Aning Samuel, who is better known as Samy Pop, is always amused when Japanese people find out he is from Ghana. “They immediately say ‘Ghana chocolate,’” he says.
Samy, who runs his own talent management company, is a familiar face about town on posters for Seven Bank’s international money transfer service. Besides that, he appears on Kanagawa TV’s live program, “Arigato,” every Friday from 12 noon – 2 p.m. “I have a 10-minute corner, in which I introduce interesting foreigners,” he says.
Born and raised in Ghana, Samy first came to Japan in 1990. “My sister married a Japanese man who was an architect brought to Ghana to build an institute for Dr Hideyo Noguchi. He took care of me from the time I was 11, all the way through school. When he and my sister moved back to Japan, they invited me to continue my education in Japan. I went to a language school for two years.”
In 1993, Samy got his first taste of the Japanese entertainment world when he participated in a Japanese-language singing contest for foreigners. “I sang one of Saburo Kitajima’s songs and won the Grand Prix. One of the judges, Motoko Inagawa, asked me to join her talent agency. She was like a godmother to me.”
From then on, Samy appeared in the theatre, TV dramas, commercials, variety programs, as well as taking part in many international exchange events. Four years ago, he started his own talent management company – Bayside Co. “We currently have over 500 foreigners on the books…adults and kids of all races. I do a lot of networking and marketing for Bayside, providing talent for all sorts of areas, such as TV commercials.”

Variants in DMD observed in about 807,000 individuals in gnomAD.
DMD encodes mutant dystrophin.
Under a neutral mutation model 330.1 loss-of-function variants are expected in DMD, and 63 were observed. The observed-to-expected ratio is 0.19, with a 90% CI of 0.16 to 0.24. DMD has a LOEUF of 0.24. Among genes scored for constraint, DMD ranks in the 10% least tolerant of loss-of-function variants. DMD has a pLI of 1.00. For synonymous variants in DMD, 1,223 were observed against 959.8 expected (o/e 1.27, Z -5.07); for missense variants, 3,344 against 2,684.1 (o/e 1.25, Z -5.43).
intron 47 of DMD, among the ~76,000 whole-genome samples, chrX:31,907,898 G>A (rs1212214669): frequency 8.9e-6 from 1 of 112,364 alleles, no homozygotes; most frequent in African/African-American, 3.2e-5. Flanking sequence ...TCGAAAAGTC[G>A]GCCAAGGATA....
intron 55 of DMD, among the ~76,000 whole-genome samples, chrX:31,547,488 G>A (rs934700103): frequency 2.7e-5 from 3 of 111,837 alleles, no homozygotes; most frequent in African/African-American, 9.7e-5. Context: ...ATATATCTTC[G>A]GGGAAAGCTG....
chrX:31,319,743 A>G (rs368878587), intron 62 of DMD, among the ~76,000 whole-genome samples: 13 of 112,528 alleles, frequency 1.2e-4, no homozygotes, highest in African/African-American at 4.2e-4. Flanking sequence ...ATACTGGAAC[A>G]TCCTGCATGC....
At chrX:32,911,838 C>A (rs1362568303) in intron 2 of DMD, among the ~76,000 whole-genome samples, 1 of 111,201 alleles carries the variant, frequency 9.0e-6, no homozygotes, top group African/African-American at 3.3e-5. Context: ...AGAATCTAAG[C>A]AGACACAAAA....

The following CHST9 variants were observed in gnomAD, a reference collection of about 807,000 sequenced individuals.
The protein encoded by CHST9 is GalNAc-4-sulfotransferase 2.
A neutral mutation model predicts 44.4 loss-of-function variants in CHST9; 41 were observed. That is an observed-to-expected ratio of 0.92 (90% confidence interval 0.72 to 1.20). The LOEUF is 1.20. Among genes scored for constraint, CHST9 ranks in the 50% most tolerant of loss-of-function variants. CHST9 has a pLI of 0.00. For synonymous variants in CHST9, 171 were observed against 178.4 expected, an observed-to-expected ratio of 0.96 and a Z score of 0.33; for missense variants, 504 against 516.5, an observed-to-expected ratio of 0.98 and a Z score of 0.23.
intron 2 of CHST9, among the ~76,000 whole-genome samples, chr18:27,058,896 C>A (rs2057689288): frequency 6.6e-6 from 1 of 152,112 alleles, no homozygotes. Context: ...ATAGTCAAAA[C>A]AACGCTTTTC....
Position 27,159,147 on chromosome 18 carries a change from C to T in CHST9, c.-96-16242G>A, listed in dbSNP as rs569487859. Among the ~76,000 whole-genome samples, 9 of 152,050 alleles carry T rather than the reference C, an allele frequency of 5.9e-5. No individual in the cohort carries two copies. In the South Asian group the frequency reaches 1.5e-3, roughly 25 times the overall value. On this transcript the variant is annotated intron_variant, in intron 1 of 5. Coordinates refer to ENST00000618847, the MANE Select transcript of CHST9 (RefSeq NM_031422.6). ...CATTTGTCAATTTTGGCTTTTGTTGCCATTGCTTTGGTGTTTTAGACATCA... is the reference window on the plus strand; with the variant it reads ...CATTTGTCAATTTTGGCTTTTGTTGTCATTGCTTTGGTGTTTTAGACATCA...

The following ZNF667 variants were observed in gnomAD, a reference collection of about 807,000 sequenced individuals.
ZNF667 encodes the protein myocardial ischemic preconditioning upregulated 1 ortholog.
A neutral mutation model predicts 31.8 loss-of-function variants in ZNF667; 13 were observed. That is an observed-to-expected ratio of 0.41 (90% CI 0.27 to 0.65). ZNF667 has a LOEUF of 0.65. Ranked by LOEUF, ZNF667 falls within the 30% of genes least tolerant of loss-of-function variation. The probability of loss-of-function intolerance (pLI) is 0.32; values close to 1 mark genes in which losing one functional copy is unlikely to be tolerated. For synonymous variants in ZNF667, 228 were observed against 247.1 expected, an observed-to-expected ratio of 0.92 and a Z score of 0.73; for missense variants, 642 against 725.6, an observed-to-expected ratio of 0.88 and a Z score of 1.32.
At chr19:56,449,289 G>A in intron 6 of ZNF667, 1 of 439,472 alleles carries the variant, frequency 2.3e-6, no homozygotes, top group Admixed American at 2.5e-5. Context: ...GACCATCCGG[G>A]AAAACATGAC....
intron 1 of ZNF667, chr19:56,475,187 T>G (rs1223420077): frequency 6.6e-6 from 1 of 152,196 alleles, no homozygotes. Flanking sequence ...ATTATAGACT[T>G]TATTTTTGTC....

Last year, Samy started helping Seven Bank by giving out flyers for their money transfer service at an African festival. Soon after that, he began appearing on posters.
“Prior to that, I knew about Western Union because that’s how I used to send money back home to my mother. But the Seven Bank service is really convenient. It’s amazing, and so simple for busy people. I have to help my family back home all the time. I use the service maybe 2-3 times a month.”
By using the Internet/mobile banking network, you can send money anytime 24 hours a day from Seven Bank ATMs at about 16,000 locations nationwide. Under an agreement with Western Union, recipients are able to collect money at more than 400,000 locations in about 200 countries. Users can send 10,000 yen for only 990 yen and 50,000 yen for only 1,500 yen, with no payment due on the receiving end. Receivers do not need to open a bank account.
So far, the main users are Filipinos, followed by Chinese and Japanese. Right now, users can see only two languages on the ATMs — English and Japanese – but Seven Bank officials say that in future, they will consider adding Chinese, Tagalog, Portuguese and Spanish. The explanation for registration procedures on Seven Bank’s home page is in 10 languages.
“Registration is very easy. Just fill out the form and the people you want to send money to,” said Samy. “I tell all my friends about the service. I use my iPad to send money 80% of the time, but the ATM is simple, too.”
When Samy is not working, he says he loves to listen to music. “I listen to iTunes and recently, I bought an Apple TV which I connect to my TV. Other than that, I love playing basketball,” he says.
For more information on Seven Bank’s money transfer service, visit: